Writing in the 1946 Eid-ul-Fitr brochure Mr. Tajmool Hosein laments the disinterest of young Muslims in their religion and the disunity in the community. Thanks to Maulana Kavir Mohammed for providing the copy.
I am particularly pleased to have the opportunity offered me by this Brochure to address the Muslims, and mainly the younger ones in the South. I am not going to write on the various doctrines of Islam, for I suppose most of you can find all you need to know elsewhere. But I do think it necessary to appeal to all muslims to do all that is possible to maintain the influence of Islam and its noble teachings.
There is, unfortunately, a feeling existing among the younger people that religion on the whole is of no particular utility in everyday life, and that Islam, however well it worked in centuries gone by, is no longer a religion that suits modern conditions. This feeling, I think, owes its origin to the fact that many of us do not try to understand the true principles of our faith and attempt to criticize something that we do not quite understand. For Islamic teachings can be related to practical life at all times with great benefit to those who care to follow them. They are applicable to all circumstances and are of such a nature that they could contribute in no small way toward the solution of world problems at the present time.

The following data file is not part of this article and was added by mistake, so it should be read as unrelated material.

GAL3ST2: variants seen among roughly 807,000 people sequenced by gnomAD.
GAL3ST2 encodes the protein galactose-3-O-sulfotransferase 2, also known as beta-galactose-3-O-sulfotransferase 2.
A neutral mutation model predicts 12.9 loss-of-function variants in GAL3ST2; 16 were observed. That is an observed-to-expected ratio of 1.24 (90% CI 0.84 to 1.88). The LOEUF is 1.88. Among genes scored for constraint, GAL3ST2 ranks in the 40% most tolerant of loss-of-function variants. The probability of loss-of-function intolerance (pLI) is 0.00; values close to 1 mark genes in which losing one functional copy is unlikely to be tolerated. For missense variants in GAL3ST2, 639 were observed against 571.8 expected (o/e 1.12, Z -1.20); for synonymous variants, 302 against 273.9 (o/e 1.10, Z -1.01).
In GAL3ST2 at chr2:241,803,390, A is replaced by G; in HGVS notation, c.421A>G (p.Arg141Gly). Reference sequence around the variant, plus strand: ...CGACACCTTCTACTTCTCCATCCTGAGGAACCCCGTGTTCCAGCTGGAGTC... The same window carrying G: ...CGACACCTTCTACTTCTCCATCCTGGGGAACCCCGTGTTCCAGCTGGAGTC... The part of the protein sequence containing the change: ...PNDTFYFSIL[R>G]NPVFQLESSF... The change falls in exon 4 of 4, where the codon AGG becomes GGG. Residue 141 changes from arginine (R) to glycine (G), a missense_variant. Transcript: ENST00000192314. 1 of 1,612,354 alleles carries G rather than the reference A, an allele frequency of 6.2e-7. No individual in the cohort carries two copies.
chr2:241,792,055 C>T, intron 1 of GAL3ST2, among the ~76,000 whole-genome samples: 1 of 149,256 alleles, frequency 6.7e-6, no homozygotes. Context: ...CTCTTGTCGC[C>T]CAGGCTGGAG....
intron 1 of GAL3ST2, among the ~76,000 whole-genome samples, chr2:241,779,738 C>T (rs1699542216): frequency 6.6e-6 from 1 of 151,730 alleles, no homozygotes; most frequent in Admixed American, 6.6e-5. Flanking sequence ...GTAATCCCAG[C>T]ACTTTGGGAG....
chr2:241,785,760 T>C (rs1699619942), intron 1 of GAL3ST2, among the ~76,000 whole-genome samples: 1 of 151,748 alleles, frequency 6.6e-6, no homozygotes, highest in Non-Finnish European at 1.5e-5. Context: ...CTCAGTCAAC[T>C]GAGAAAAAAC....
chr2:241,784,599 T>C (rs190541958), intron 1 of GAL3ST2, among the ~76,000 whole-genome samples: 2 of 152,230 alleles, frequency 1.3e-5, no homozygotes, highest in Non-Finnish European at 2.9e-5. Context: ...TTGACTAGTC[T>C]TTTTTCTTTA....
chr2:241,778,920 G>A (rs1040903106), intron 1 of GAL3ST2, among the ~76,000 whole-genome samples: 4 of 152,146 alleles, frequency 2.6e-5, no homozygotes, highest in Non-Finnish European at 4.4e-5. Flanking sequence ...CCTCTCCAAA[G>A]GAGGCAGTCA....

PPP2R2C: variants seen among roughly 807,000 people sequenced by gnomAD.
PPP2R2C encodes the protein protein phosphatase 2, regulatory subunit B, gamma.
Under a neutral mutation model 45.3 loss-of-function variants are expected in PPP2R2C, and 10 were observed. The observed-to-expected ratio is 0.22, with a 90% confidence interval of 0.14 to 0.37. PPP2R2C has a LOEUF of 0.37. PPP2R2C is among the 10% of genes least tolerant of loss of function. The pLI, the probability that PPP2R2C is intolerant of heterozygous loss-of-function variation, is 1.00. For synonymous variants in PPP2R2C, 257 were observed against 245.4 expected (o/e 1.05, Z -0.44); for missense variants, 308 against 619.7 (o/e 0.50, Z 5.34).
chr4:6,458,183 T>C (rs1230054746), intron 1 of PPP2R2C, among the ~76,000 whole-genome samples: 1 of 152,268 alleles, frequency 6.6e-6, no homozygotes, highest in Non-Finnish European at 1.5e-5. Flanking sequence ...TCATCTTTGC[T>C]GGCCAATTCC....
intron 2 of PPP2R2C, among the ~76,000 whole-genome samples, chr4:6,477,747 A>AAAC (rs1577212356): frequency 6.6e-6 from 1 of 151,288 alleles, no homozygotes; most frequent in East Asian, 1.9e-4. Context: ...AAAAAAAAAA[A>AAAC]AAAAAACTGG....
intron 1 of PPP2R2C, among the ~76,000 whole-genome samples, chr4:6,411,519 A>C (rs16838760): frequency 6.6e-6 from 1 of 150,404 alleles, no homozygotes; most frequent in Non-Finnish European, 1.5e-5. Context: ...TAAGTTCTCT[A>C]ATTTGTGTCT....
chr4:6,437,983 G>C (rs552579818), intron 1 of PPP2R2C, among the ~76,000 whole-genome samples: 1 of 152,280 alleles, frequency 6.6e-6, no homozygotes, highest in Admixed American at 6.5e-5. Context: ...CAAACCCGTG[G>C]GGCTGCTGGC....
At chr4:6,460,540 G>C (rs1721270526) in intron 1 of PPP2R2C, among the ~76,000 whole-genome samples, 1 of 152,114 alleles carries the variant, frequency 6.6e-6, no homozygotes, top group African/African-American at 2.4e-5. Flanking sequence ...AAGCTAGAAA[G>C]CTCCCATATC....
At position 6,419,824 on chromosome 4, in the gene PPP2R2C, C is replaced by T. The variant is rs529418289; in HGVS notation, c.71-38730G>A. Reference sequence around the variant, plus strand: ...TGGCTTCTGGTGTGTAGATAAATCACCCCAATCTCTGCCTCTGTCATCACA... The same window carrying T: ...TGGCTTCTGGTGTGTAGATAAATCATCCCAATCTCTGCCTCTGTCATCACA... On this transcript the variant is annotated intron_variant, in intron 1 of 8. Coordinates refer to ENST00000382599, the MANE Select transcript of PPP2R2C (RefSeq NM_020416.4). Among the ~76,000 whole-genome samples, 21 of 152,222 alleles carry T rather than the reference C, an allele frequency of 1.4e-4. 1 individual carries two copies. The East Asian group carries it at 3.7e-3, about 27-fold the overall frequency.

It is true that the influence of religion as a whole has declined within recent times, but there is no reason why an effort should not be made to stimulate the interest of the young people, on whom, after all, the burden will in years to come, in the religion of Islam. This lack of interest on their part is not altogether due to apathy. It is accordingly suggested that the various Islamic organisations in the island should arrange a series of lectures to be delivered periodically by people learned in Islamic teachings. The scope of the lectures should be sufficiently comprehensive to cover the main principles of Islam, and should be so framed as to enable the young people to take an active part in the ordinary religious performances.
Another aspect of our conduct that, perhaps, needs some emphasis is that unless there is co-operation among the various groups of Muslims, it is impossible to make any progress. It is sincerely hoped that the Muslims will some day unite and make contribution to the cause of Islam more real than at present.
This is an Eid-ul-Fitr Brochure, and I cannot better conclude than by wishing all the Muslims a very happy Eid. I hope that such similar brochures will always be with us so that in the years ahead we shall be in a position to express our views through it all.
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